I'd recommend both this and the "full" version to anyone. This one is certainly very well done, but I'd absolutely recommend you listen to the full non-dramatized version.
Ender remains one of the best characters I've read/listened too.
They were all well done. The actors, as with any other OSC book, are fantastic. The new voice of Ender, who I'd never heard before, was astounding.
I am a huge fan of Orson Scott Card (far too much, honestly). Ender's Game is my favorite book of all time, and I'd recommend both this and the "full" version to anyone. That said, this one is certainly very well done, but I'd absolutely recommend you listen to the full non-dramatized version.
The actors are all well done, and the kid who plays Ender in particular did a very excellent job. It was great to hear a lot of the voices of narrators from all of Card's books as they are all excellent. There were some parts where I felt it got a bit.... cute, I suppose?...in the narration (the kids chanting, squawking, ect.) and I don't know if I really cared for the choice of Bean's voice (the actor was fine, just felt off).
The story itself loses some of it's depth in a dramatic reading like this, which MUST be expected in this sort of format. However, I would have liked to have a narrator who could have broken more stuff down. It was a bit off-putting to have to have the narrators TELL us by speaking what was happening ("Oh look, Ender is doing this in the game! Now he's doing this!") rather than having a common narrator to tell us those things.
It lost a bit more of the depth because you couldn't see into Ender's Head like you could in the book. This again is expected, and the actors compensated for much of it well, but it simply wasn't/couldn't be as deep as the original. There were also things they added to the story/things that were slightly changed, which was a bit disconcerting but again, not unexpected.
Well done, recommended... just make sure, especially if you've never read this book before, that you read/listen to the full audio version.
In truth, I rate this book about a 4.5, but I'll give it the bump up due to it's exceptionally fun and catchy story.
The best thing this book has going for it is it's atmosphere and quick start. Ernest Cline knew where he was going and he got there FAST. The story hooked me immediately, and it had a deep enough world and a ton of ideas to keep the flow going nearly the entire book. There's not a ton of originality in the idea of a digital universe, but the contest in itself was fresh and intriguing. The exceptionally long list of 1980s nostalgia cemented Cline's world-building - I was born at the end of the 80s, and while I didn't know quite everything on his list, that really didn't matter. It made it all work.
There were a few noticeable downsides that kept it from being a perfect story, however. First, Wade seemed a bit of a Mary Sue character - aka pretty damn perfect. He never really showed flaws, and no matter what 1980s game or tv show or album puzzle he ran into, he could always figure it out. He pretty much had always "seen that show a dozen times" or "played that game a dozen times", on and on. There was never really any doubt that he'd figure it out in the end, even if he did need help from his friends to figure out some stuff. Just seemed a bit dull when one heard "Luckily, I'd played/watched that game so much I knew the layout/script by heart" for the tenth time.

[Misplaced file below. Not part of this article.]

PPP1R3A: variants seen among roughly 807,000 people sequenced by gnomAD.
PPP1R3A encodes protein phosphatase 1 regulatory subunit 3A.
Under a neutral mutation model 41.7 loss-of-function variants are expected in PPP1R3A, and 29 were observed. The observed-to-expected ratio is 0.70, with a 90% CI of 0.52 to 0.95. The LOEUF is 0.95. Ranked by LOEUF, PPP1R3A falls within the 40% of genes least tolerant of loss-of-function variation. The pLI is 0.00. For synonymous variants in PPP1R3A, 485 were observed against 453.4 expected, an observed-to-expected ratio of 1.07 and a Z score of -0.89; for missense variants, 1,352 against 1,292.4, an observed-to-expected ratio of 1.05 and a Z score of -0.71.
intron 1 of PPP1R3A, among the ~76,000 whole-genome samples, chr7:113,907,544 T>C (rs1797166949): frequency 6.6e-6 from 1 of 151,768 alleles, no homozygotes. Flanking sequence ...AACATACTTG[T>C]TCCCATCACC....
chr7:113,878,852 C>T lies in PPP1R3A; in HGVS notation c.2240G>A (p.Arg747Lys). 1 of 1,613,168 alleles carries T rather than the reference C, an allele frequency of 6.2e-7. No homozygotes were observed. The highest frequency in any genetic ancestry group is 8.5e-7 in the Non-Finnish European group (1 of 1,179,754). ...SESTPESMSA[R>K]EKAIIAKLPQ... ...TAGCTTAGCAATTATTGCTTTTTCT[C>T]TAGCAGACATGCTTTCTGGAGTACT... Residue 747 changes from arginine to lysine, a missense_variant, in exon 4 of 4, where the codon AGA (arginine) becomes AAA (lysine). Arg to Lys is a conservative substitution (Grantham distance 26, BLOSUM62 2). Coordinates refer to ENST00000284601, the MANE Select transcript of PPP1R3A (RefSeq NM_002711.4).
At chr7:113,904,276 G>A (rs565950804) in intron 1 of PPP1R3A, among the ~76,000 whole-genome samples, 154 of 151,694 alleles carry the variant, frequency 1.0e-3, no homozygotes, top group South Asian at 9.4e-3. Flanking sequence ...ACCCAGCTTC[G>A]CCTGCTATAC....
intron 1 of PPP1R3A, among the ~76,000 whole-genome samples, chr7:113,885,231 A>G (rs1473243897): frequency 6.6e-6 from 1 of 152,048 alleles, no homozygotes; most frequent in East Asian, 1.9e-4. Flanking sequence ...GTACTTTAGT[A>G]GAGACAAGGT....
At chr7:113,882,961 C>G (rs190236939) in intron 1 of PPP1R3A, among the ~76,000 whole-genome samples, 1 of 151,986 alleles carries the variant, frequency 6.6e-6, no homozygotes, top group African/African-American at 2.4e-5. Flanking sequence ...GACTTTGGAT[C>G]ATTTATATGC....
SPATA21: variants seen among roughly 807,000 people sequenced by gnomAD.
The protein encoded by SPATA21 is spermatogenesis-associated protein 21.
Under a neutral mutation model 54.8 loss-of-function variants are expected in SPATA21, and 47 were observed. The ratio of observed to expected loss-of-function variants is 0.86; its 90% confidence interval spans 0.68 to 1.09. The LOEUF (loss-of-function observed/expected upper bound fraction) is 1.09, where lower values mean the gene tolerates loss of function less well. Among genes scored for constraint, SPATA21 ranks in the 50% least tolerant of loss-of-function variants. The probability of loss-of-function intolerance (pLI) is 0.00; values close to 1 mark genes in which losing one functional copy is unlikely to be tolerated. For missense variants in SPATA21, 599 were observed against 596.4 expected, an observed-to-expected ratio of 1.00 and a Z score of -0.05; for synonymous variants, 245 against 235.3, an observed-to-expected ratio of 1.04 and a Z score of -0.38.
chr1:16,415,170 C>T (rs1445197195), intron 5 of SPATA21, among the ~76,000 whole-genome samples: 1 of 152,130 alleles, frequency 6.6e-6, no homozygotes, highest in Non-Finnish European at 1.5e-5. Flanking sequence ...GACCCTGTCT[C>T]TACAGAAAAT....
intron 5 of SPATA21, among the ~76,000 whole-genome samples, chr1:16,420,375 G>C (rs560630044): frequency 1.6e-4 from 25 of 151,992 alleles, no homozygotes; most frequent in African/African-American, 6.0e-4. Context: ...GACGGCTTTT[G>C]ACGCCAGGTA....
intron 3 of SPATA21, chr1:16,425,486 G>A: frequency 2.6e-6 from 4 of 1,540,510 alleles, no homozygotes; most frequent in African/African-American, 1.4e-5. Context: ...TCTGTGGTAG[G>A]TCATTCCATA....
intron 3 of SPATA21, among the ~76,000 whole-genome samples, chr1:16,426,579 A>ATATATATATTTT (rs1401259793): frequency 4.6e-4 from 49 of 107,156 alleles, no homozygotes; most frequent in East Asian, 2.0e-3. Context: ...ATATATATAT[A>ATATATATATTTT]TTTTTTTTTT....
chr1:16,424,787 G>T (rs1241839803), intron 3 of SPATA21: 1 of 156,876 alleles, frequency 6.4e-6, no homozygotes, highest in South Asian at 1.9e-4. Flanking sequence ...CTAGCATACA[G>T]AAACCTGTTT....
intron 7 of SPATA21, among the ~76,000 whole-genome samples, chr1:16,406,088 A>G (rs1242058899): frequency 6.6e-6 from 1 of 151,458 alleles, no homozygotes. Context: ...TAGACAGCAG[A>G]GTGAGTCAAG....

Finally, the ending was a tad of a letdown, given the build-up. That isn't to say Cline didn't make it epic, but I think he went a bit overboard with making sure Wade and Company were epic. The writing in the last few chapters felt a tad amaturish and predictable.
Everything I've said in the last two paragraphs should by no means keep someone from listening to this great book. Wil Wheaton did a mostly spot-on job on a exceptionally spot-on book. This book is a nerd's paradise, a fantastically fun ride with only a few minor flaws. I'm very much looking forward to see what Cline does next.
Look, I want James Marsters back as well. He is Harry to me. But I won't fault Butcher, or Glover for that.
The story was excellent, vintage Harry. The ending was as shocking as any part of the series. I can't wait for more.
Glover was good, he did his best, I can't fault him. I hope they get James back for the next books, and I hope he does them all in the future. But punishing this books rating because of a new narrator that wasn't the fault of Butcher is just stupid.
This was a great book. I was worried about the transition of time but the story felt fresh, the alchemy was fantastic. The characters were all excellent, pure Sanderson, and I loved the little hints at the only characters from the original trilogy.
Until the end... it came way to fast. I've read that this isn't the start of Sanderson's next Mistborn trilogy, and this was supposed to be just a side story... so how could he possibly end it like he did? So little was fully concluded, so much left up in the air... it felt unfofilled.
Can't recommend this higher, but be warned about the aburpt ending
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